A couple of years ago, when he heard that the ear buds I’d received with my iPod Classic had finally given up the ghost, my brother-in-law gave me his old Bose SoundTrue in-ear headphones. I tend to use a thing until far beyond its natural life cycle, so while I’d been coaxing every last decibel out of my standard-issue Apple headphones, I hadn’t been aware of certain advances in ear bud technology, such as soft, silicone tips with specialized “wings” that hook in the folds of the ear to keep the buds comfortably in place. Ahhh…
I probably would have run these bad Bose into the ground if they hadn’t met their untimely demise at the teeth of two adorable dogs named Disco and Queen. While visiting my friend Mika, the headphones fell out of my purse in proximity to her playful pups, and when we left to run a short errand, those dear buds found my ear buds. Sigh.
Having previously had a great experience with the Bose Wave CD player—which held up so well that I sold it on eBay years later for nearly the price I paid for it—I decided to splurge and replace the obliterated buds with an identical pair, but somehow ended up with the SoundTrue Ultra version instead.
Folks, these headphones have been life-changing. Bose took their silicone tips to the next level with a noise-isolating design that instantly blocks virtually all external sound. One reviewer called these StayHear Ultra tips the headphones’ “secret sauce.” The ear buds don’t contain noise-cancelling technology, but it’s hardly necessary when the tips do such a great job of making you feel like you’re the only one—or thing—in the room.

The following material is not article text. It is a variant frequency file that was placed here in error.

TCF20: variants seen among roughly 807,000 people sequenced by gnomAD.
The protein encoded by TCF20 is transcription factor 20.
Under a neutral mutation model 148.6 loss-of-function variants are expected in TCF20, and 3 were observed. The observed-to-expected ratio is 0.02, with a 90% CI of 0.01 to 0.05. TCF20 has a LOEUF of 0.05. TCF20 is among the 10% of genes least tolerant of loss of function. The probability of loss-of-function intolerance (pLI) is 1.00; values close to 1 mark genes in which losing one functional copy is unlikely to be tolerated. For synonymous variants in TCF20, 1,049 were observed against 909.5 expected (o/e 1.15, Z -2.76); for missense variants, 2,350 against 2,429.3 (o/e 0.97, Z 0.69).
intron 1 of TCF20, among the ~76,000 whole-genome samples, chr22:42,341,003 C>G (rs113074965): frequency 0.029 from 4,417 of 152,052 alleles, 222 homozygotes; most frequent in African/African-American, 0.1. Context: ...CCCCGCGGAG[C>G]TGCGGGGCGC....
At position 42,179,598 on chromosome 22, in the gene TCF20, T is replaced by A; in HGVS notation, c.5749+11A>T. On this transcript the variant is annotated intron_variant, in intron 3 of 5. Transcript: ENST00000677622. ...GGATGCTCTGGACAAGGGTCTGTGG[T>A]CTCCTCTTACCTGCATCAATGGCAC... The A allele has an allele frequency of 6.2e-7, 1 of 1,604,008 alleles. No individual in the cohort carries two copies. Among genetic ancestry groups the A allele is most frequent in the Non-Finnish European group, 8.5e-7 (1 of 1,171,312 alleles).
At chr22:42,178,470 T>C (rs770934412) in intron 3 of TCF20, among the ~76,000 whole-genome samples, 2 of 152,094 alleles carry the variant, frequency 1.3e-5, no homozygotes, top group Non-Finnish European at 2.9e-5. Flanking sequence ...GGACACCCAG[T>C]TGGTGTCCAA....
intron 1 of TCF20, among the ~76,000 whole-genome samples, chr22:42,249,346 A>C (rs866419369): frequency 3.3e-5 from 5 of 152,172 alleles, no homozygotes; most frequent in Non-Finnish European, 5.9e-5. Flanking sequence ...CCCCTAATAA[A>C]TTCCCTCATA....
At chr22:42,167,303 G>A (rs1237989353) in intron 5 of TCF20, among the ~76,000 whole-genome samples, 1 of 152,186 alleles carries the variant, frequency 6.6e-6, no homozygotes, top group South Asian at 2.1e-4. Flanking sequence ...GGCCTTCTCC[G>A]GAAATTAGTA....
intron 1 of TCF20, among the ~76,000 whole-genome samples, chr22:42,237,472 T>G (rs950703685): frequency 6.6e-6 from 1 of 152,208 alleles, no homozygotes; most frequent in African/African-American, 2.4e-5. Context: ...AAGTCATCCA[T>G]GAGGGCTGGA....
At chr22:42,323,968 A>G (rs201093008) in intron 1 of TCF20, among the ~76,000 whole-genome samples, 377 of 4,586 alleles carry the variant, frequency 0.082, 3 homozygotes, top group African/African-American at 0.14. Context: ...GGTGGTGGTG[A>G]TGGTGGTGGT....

This effect can have some drawbacks, though. Every sound you make, from heavy breathing and coughing to talking and humming along, becomes magnified within your own head, similar to when you plug your ears with your fingers. I also wouldn’t recommend wearing these headphones while driving or jogging, as they may prevent you from hearing critical sounds. But if you want to listen to music, audiobooks, or meditation recordings without distraction, these are a high-quality, comfortable, and effective option that is more affordable than the noise-cancelling variety.
I particularly enjoy using them when listening to binaural/brainwave entrainment tracks, which can quickly put me in a deeply relaxed state when I don’t have to deal with extraneous aural interference. And while I’m still holding out for a Hearo in certain circumstances, my SoundTrue Ultra ear buds make exceptional earplugs when I want instant relief, since the external sound-blocking effect is both effortless and immediate. Kirsti and I just returned from a swoon-worthy trip to Savannah and Charleston, and even the roar of the jet engines on our flights was no match for my Bose buds.
Some of the mixed reviews at Amazon indicate that high-fidelity enthusiasts might not enjoy these ear buds, but I used to work for an audiophile label and I’m very happy with these headphones. In fact, I’m prepared to buy anything Bose makes—just as soon as my SoundTrue Ultras buy the farm…or get torn apart by one of the animals.
Stuff Worthy Of Our Notice™ in this post:
Bose SoundTrue Ultra In-Ear Headphones
Since I came late to the game, Bose is already phasing out the SoundTrue Ultra in favor of its SoundSport in-ear headphones with standard StayHear tips and the the more pricey QuietComfort 20 Acoustic Noise Cancelling headphones with StayHear+ tips (equivalent to the Ultra), but that means you can currently find great deals on remaining pairs of SoundTrue Ultra ear buds online while supplies last, so get a move on to get your groove on.
2 thoughts on “Anything Bose”
I have super-sensitive ears, and almost every kind of ear plug or headphone I have ever used has irritated them. Do you think these might be the exception?
It’s difficult to say. The silicone is super comfortable, but the tips create a slight suction within the ear canal when they seal the opening, which might be annoying or irritating to someone with sensitive ears.